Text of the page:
"All the time I'm not writing I feel like a criminal." -Fran Lebowitz

Friday, March 20, 2015

Possible Soundtrack Selections for Scene in San Salvador International Airport - INCLUDES PRODUCTION NOTES

I had seven hours to kill in the San Salvador International Airport before my connection to Managua, Nicaragua. So, in addition to:

1. drinking too much coffee
2. drinking too much beer
3. lingering wa-ay too long in the Kenneth Cole Duty-Free Shop (I’m very much looking forward to starting a wardrobe again once I get back to the States, a wardrobe that doesn't include t-shirts and cargo shorts)
4. actually window-shopping and testing men’s fragrances*
5. watching a simulated FIFA 2016 video game match and cursing a video Luis Suarez
6. coming up with the following expression (to be used when, in the future, a daughter of mine comes down the stairs dressed too provocatively for, like a date or something): “Go back upstairs and change. You look like you work at a duty-free shop in the San Salvador International Airport.” (shrug) I’m working on it…
*Men's fragrances suck. Nothing beats simple Edge Gel After-Shave. If only I had some. Man, do I smell. 

…in addition to all that, I-

7. created my: “Top Ten Possible Songs (Using Only the ‘Physical’ Playlist On My iTunes) to Accompany The Scene at Plot Point One of My Action/Thriller Blockbuster Movie Where I Exit a San Salvador International Airport Men’s Room Upon De-planing/Freshening Up & Then Stride Through the Crowds With EXTREME Purpose To Meet With SOME-one Important, Unknown As Yet to Audience (While Wearing a Backpack)”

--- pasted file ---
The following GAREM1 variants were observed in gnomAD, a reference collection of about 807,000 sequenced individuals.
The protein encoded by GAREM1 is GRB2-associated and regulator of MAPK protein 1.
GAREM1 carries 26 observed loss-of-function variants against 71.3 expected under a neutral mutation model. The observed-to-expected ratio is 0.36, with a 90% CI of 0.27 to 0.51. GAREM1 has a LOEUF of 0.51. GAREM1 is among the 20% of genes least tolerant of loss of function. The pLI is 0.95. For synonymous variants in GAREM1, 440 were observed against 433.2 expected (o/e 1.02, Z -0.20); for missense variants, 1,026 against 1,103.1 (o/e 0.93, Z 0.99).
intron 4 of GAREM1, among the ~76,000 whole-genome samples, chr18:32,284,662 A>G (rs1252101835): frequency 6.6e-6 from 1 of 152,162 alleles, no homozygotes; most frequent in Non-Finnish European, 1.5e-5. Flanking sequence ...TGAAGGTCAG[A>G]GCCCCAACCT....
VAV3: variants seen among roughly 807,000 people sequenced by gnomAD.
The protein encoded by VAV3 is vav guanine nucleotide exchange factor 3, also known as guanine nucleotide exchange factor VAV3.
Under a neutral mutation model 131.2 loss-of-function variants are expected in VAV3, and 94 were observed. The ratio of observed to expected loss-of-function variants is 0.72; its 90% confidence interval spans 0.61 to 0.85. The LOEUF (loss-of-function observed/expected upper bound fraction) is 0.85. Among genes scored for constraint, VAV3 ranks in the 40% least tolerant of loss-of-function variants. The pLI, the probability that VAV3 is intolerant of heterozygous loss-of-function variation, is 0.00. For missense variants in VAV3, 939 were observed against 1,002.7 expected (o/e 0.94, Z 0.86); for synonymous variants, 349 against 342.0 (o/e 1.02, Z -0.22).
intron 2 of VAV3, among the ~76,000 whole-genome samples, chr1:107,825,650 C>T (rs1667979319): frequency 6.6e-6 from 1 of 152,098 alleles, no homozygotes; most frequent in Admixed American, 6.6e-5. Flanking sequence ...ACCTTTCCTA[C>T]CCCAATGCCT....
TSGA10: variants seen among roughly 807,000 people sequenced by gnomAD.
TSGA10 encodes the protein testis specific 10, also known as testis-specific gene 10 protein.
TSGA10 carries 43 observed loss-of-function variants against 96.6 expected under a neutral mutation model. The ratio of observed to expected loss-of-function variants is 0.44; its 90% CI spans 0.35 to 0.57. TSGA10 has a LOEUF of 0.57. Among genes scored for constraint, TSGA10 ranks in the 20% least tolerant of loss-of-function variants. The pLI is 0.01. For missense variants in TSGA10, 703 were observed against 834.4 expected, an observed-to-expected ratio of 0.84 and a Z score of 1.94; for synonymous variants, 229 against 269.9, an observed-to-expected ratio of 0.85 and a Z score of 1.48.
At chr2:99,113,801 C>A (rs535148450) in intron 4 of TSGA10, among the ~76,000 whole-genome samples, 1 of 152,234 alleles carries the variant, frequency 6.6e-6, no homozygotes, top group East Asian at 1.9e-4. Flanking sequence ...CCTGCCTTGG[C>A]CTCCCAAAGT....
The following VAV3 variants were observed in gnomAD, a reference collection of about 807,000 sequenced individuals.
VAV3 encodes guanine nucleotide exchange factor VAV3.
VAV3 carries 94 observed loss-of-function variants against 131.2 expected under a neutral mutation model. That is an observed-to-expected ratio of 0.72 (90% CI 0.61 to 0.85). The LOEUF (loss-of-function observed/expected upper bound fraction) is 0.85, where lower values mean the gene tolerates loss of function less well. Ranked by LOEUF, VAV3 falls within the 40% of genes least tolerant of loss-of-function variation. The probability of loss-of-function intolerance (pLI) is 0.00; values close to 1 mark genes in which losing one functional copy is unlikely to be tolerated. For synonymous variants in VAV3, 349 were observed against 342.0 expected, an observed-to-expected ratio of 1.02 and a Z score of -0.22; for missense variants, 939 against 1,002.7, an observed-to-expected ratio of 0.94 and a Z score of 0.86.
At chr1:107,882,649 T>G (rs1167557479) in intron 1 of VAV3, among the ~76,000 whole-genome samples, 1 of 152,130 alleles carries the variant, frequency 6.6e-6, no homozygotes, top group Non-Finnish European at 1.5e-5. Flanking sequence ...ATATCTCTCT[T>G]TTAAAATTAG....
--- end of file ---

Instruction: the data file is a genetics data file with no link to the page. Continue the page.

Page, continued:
I did this by doing approximately one dozen laps of the San Salvador International Airport Departure Gates 1 -18. For each song, I started in the men’s room, washing my face, looking at myself in the mirror, and then - AT THE PERFECT MOMENT - striding out of the banos and walking.

I managed to listen to ten possible songs before a)the weird looks from the women working at the various duty-free shops became too much to ignore and b)the annoyed looks from the policeman at Gate 16, with the combat pants tucked into the boots, the semi-automatic on his hip, and German Shepherd at his side, became too much to ignore. 

Without further adieu. In descending order (with accompanying “PRODUCTION PROS/CONS”):

9. “In My Time of Dying” - Led Zeppelin.

PROS: esoteric, deep Led Zep cut, so old it’s new? Attract baby-boomers?
CONS: way too long; too much buildup before the song accelerates; not esoteric in fact, way too old for today’s film audiences; baby-boomers not wanted as primary demographic.

8. “Lonely Boy” - The Black Keys.

PROS: guitar intro works nicely with washing of face/paper towel wipe of face/serious, questioning look at self in mirror at men’s room sink.
CONS: overused at this point; a little on-the-nose. 

7. “Destino de Abril” - Rick Garcia & Rene Reyes.

PROS: A Latin song for a Latin American Airport? Synergy?
CONS: No, way too on-the-nose for a Latin American airport - REMEMBER, THE MUSIC IS TO ACCENT THE CHARACTER, NOT THE LOCATION; I walk too fast for the rhythm - maybe for the sequel when I’m sixty.